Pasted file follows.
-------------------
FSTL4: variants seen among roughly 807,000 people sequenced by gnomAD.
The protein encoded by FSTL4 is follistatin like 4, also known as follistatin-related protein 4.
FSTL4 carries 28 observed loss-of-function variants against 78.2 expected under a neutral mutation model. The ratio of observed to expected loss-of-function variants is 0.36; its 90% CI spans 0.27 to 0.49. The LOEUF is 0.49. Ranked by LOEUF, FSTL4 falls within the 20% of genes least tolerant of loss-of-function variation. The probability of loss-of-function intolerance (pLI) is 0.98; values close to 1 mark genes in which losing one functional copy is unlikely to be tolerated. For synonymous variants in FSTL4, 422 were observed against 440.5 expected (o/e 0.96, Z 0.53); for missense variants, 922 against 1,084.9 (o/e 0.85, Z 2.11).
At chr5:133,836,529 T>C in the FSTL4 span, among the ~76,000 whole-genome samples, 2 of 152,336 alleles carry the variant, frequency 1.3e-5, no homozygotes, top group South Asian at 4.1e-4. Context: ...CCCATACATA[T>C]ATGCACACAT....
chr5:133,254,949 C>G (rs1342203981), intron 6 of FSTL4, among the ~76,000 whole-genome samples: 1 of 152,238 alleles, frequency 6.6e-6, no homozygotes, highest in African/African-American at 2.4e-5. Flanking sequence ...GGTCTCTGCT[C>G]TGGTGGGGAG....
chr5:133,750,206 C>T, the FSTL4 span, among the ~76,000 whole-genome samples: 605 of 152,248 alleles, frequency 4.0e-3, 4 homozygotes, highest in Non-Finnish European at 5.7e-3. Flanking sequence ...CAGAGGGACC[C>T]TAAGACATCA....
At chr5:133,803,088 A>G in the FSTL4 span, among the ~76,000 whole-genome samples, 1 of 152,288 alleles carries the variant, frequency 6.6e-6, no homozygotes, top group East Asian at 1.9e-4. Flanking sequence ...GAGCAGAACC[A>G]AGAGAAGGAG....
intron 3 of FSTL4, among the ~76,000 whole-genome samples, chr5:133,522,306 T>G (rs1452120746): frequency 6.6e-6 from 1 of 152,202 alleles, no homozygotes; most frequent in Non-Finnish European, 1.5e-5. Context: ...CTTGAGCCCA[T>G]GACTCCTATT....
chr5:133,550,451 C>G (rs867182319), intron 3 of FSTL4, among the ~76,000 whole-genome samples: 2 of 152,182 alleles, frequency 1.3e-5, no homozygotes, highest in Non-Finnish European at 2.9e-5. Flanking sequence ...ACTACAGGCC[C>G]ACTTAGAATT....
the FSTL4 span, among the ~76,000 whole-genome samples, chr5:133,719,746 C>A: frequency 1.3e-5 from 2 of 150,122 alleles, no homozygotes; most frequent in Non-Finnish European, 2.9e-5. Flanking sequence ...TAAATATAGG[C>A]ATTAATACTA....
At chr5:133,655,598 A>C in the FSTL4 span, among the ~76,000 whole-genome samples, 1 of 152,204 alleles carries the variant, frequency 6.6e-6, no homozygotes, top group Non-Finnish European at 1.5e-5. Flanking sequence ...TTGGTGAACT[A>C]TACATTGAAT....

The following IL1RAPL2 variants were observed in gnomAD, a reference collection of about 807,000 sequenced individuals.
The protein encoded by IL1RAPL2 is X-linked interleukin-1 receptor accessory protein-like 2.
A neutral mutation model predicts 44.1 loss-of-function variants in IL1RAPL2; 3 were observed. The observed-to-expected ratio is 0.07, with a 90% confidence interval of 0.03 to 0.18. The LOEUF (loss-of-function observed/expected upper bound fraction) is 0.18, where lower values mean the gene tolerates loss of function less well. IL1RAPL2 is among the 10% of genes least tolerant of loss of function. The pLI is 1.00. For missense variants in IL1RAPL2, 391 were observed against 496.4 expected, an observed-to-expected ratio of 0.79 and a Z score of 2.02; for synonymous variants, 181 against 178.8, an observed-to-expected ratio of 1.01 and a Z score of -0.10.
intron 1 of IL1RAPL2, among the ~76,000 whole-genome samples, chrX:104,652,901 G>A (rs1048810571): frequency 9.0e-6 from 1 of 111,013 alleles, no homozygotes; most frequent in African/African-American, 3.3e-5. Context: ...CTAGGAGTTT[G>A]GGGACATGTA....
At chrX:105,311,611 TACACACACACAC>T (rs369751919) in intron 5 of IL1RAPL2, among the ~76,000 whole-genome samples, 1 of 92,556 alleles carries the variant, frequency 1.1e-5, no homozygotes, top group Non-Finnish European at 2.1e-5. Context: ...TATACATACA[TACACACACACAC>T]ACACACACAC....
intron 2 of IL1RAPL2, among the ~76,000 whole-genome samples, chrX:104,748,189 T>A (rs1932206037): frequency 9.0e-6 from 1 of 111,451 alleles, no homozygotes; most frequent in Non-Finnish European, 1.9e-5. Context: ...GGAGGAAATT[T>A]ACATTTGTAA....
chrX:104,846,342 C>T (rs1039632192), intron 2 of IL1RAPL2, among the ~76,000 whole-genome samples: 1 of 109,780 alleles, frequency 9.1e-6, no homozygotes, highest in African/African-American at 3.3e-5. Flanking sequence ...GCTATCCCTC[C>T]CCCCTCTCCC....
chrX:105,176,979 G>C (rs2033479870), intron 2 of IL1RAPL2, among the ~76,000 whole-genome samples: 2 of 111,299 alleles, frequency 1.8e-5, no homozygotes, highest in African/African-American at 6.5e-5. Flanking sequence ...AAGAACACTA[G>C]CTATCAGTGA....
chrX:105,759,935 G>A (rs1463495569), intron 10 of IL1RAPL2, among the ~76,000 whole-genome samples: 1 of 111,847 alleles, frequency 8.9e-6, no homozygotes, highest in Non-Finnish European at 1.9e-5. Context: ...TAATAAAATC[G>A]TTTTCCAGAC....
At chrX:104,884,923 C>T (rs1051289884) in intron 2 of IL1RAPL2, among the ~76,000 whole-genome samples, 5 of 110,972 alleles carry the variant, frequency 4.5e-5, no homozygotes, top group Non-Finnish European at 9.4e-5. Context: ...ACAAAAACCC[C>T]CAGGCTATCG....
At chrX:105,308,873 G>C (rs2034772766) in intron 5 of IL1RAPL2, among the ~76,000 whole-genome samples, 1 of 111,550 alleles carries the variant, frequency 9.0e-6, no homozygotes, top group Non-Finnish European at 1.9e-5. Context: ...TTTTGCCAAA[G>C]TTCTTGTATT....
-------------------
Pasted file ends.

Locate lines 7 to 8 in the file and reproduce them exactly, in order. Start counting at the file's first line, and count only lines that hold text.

At chr5:133,803,088 A>G in the FSTL4 span, among the ~76,000 whole-genome samples, 1 of 152,288 alleles carries the variant, frequency 6.6e-6, no homozygotes, top group East Asian at 1.9e-4. Flanking sequence ...GAGCAGAACC[A>G]AGAGAAGGAG....
intron 3 of FSTL4, among the ~76,000 whole-genome samples, chr5:133,522,306 T>G (rs1452120746): frequency 6.6e-6 from 1 of 152,202 alleles, no homozygotes; most frequent in Non-Finnish European, 1.5e-5. Context: ...CTTGAGCCCA[T>G]GACTCCTATT....